Tile that looks like hardwood-Do you have to grout?

I saw this tile that looks like hardwood in Lowes. Really nice looking product. Does anyone have experience with it and if so how do you handle grout (if at all)?
Tile with Hardwood Look

Top Hometalk Projects

15 Things To Do With Scrap Material
14 Cool Ways To Upholster Chairs That You Can DIY
31 Creative Garden Features Perfect For Summer
30 Creative Ways To Repurpose Baking Pans
31 Space Saving Storage Ideas That'll Keep Your Home Organized
11 Unexpected Ways to Use Spices in Your Home
30 Unusual & Helpful Gardening Tips You'll Want To Know
Gardeners: Copy These 28 Stunning Ways To Display Your Plants
15 Kitchen Updates Under $20
30 Great Jar Ideas You Have To Try
30 Ways To Use Old Jeans For Brilliant Craft Ideas
16 Brilliant Wire Basket Hacks Everyone's Doing Right Now
23 DIY Wall Clocks That'll Transform Your Whole Room
29 Of The Best DIY Mirror Projects Ever Made
30 Unusual & Helpful Gardening Tips You'll Want To Know

Have a question about this project?

Join the conversation

2 of 20 comments
  • The caulk sealer on those types of tiles have a small space and a rounded edge. The sealer flows into the gaps and creates the image of grout while sealing between the tiles. On the type that does not have any spaces between them, I would think any sealant will prevent them from butting tight and cause issues. You cannot seal under the edges of each tile to prevent any moisture from flowing under the tile while keeping the actual gap although tight not sealed. Water will stand between the tiny spaces along with skin cells and create a pretty good bio-hazard. Personally I would read the manufactures install instructions carefully and if they have a toll free hotline, I would touch base with them. Doing all this work by installing this product in an area that its not designed to be located in, even if the sales person said its ok, will do nothing but harm both your client and your rep if they end up tearing it out in a few years because of odors or mold issues. I find this happening all the time. I get calls from clients who put down click and lock flooring in their finished basement. The first thing out of their mouth was the install said it can be put directly onto cement floors. We put the plastic down etc. Then when you really read the install instructions you find that it says above ground use only. As much as your client likes this product, explain all the hazards and issues that arise or could arise out of using a product in an area its not designed to be installed in. But check the manufacture first as each product has their own specifications to install. Hope this helps. Bob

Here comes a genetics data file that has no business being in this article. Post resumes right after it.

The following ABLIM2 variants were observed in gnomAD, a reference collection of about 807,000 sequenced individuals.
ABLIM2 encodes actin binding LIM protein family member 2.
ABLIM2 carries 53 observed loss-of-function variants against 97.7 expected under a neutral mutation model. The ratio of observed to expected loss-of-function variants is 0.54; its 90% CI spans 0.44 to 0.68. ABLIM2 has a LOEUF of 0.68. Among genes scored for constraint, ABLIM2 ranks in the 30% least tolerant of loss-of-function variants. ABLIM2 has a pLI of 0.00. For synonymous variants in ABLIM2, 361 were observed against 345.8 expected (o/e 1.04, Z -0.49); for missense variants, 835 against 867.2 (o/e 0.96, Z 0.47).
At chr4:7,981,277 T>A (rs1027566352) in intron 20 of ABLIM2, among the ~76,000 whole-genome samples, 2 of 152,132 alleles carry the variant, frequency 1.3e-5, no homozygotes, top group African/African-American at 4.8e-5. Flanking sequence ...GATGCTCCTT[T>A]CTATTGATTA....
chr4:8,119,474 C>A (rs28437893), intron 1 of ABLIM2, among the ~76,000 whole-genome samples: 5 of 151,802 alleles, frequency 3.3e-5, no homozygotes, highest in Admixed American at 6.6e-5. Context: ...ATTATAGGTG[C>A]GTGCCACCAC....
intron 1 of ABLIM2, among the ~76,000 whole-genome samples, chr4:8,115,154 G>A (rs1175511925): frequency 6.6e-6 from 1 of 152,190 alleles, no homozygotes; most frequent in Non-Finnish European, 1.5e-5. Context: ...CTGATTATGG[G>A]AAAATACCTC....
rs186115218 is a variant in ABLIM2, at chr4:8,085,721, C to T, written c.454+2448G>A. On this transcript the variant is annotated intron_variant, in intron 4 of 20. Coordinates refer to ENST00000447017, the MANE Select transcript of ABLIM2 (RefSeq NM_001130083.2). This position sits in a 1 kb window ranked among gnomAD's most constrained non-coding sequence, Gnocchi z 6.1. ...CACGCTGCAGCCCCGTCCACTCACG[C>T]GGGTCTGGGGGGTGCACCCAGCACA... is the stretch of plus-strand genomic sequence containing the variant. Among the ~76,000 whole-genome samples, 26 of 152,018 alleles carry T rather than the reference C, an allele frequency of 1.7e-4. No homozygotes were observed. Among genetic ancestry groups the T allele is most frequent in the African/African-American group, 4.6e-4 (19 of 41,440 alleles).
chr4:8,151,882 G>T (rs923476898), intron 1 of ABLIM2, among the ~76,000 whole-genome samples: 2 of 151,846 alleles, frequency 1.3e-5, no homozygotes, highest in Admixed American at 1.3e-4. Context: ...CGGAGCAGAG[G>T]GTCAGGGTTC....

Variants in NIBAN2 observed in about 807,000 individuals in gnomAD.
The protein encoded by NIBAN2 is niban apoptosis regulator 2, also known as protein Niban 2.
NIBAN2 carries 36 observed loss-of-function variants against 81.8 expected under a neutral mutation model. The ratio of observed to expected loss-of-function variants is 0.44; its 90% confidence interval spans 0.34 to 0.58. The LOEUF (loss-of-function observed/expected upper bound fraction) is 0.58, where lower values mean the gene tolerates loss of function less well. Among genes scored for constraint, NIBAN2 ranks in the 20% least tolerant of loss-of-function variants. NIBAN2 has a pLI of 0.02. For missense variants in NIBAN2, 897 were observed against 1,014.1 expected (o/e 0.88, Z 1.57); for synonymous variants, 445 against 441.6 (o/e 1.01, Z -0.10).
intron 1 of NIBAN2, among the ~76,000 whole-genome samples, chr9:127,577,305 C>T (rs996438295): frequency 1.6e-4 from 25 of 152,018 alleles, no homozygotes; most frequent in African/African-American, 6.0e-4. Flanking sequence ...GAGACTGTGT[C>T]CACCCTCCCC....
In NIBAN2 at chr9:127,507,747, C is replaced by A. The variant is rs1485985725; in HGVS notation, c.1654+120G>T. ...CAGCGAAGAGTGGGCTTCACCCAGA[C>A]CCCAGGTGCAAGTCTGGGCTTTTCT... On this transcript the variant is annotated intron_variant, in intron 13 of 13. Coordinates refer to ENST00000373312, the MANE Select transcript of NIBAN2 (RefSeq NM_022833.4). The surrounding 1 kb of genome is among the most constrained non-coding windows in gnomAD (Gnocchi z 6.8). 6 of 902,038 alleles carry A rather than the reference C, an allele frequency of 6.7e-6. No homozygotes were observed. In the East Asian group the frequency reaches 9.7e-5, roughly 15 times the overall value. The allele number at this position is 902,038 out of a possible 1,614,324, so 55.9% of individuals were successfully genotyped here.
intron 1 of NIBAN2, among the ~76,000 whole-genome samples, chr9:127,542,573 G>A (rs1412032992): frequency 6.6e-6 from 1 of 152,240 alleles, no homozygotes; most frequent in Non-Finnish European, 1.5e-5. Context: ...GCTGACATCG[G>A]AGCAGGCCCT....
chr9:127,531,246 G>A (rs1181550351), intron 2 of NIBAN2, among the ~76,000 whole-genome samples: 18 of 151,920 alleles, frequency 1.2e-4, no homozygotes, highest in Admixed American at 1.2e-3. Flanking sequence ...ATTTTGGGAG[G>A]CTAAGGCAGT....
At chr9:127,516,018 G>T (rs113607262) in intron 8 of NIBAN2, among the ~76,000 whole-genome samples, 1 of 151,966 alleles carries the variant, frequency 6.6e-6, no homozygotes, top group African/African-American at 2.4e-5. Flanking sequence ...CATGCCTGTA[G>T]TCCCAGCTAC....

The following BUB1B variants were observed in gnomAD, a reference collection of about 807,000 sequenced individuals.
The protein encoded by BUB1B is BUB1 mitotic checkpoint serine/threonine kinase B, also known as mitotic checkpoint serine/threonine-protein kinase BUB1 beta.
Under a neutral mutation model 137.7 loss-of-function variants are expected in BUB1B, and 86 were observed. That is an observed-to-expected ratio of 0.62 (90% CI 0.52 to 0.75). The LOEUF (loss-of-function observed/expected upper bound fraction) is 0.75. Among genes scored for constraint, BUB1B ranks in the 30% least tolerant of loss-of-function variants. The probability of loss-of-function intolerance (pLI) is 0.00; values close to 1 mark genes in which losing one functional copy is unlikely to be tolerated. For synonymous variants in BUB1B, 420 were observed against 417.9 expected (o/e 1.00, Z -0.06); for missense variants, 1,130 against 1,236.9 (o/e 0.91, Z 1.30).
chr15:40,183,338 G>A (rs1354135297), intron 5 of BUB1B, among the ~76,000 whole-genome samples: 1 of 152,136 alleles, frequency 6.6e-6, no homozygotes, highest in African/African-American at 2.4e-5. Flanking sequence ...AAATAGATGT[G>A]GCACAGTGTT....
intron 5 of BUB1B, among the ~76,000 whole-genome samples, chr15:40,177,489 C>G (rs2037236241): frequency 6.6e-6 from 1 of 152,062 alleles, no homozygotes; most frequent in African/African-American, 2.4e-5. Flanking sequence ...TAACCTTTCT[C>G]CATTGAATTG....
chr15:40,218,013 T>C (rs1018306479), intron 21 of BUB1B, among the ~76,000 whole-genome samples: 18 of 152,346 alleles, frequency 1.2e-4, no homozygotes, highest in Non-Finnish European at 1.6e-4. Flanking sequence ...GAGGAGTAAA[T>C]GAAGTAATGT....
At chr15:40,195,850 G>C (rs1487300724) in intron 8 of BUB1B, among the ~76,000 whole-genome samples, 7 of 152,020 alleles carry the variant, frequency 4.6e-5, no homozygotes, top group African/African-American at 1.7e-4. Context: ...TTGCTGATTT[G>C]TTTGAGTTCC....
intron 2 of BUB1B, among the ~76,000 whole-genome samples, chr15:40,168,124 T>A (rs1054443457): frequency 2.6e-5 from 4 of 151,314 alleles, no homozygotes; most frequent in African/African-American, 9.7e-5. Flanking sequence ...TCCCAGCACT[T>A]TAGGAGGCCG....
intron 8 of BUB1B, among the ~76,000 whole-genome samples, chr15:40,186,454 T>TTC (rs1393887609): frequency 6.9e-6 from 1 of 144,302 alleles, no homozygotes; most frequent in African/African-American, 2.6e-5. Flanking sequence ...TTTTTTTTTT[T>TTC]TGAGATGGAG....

• Home Repair Tutor
    on May 10, 2012

    Bob, thanks so much for the great reply. You really took the time to think the whole process through and I appreciate your thoughtfulness. I will get in touch with the manufacture before I do any planning.

Your comment...